> couple of things the free ones don't, but the reverse may also be
    > true. Find out what the commercial tools will do and test them
    > yourself. If you can't get a product demo before laying out $20,000,
    > go elsewhere.
    >
    > As far as IDS, pretty much the same applies. I've found most
    > commercial IDS' to be rather lacking in terms of signatures and
    > rulesets -- you need the ability to add custom signatures, not just
    > vendor-supplied ones. That is all-important. You can still crunch time
    > and attack statistics in a database so long as you have Snort logging
    > to MySQL. Some commercial IDS' are good for little more than letting
    > you know if you are being port-scanned. If you're looking for an IPS
    > solution rather than or along with a NIDS, you can even get a free IPS
    > to protect any platform: snort_inline, which will work with Snort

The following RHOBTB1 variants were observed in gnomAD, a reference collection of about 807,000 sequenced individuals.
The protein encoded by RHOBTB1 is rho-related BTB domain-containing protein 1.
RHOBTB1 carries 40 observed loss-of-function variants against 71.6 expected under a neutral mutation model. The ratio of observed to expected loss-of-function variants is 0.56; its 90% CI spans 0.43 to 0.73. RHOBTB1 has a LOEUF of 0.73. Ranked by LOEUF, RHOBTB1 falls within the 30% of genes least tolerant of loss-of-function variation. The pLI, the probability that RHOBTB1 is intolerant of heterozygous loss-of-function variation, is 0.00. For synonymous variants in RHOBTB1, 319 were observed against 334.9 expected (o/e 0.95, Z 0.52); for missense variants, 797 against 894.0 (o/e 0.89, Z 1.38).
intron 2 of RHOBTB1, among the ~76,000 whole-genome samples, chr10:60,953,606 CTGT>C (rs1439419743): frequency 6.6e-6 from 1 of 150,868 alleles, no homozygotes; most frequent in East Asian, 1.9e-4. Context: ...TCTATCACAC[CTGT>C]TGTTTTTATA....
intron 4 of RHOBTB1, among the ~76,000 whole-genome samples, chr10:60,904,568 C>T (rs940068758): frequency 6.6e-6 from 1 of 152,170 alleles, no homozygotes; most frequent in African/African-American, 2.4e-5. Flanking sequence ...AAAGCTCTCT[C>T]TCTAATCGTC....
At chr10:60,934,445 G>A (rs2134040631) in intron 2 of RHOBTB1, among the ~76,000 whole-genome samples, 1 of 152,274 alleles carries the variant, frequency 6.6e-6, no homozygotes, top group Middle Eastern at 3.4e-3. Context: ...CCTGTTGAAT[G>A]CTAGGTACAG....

> rules. Since you can add custom rules as you learn about new problems,
    > you can stay on top of the bad stuff. IPS is the one area where a
    > commercial product MAY have an appreciable edge -- for example, if it
    > can detect buffer overflow attempts or repeated login attempts, that's
    > very desirable. Otherwise, even a commercial NIPS or HIPS may not be
    > worth the money.
    >
    > Sponge
    > Sponge's Secure Solutions
    > www.geocities.com/yosponge
    > My new email: yosponge2 att yahoo dott com
     
    joe, Jan 3, 2004
    #6